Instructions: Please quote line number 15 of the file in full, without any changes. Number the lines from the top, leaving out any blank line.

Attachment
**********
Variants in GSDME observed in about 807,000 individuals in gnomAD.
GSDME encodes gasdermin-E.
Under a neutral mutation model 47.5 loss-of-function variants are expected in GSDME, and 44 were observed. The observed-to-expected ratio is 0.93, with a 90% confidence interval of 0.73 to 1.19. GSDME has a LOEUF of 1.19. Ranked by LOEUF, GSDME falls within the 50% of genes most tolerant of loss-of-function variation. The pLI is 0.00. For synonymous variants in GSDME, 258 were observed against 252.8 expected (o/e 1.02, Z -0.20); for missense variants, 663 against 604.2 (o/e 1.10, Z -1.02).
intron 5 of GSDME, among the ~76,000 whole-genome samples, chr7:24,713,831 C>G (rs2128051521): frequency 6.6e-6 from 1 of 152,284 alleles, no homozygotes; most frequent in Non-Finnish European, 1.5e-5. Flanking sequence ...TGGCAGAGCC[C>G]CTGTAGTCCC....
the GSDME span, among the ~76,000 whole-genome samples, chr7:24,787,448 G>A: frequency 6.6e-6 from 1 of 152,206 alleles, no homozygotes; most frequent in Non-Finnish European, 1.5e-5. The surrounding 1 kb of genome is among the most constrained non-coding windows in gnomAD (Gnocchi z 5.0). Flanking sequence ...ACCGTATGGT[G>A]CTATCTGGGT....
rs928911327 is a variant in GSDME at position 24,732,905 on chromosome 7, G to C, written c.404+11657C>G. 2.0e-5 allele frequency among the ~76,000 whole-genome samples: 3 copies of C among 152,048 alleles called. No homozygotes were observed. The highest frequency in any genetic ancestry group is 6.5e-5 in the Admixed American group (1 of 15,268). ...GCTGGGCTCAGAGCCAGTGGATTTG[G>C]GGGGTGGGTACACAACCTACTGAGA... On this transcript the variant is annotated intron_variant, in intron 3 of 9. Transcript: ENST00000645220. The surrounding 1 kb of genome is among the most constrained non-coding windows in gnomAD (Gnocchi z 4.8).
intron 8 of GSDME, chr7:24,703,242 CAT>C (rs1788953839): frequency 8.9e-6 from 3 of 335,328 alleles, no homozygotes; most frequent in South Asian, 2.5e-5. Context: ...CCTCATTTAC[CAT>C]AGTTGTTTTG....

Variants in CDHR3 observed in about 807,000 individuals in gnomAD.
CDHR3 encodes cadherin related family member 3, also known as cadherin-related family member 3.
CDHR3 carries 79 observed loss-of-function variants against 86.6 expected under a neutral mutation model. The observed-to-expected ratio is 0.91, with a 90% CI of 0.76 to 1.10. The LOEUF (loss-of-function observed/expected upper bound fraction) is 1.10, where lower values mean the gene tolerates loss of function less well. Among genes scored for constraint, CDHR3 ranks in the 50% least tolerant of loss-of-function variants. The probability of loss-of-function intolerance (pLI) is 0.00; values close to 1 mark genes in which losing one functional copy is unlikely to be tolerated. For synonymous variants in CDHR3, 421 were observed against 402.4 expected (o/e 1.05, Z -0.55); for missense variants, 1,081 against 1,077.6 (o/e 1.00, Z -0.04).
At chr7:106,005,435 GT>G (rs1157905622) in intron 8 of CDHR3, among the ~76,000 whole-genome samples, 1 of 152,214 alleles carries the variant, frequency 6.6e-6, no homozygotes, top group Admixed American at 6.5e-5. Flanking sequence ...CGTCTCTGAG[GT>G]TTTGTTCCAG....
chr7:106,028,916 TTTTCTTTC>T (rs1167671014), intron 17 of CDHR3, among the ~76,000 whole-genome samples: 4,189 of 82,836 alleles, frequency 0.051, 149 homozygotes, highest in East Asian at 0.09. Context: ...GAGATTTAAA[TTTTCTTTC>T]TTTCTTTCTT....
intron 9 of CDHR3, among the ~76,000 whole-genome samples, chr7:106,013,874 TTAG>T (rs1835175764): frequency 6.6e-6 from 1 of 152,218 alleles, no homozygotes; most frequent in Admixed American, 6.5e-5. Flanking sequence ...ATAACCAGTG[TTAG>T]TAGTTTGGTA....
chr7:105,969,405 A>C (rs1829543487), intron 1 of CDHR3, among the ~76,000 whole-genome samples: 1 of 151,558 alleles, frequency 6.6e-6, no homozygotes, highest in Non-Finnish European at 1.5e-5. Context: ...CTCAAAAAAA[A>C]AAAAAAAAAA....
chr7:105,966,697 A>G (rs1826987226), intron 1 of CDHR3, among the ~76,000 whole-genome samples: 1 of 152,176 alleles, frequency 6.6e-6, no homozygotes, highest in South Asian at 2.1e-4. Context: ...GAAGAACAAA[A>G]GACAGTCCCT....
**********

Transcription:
chr7:105,966,697 A>G (rs1826987226), intron 1 of CDHR3, among the ~76,000 whole-genome samples: 1 of 152,176 alleles, frequency 6.6e-6, no homozygotes, highest in South Asian at 2.1e-4. Context: ...GAAGAACAAA[A>G]GACAGTCCCT....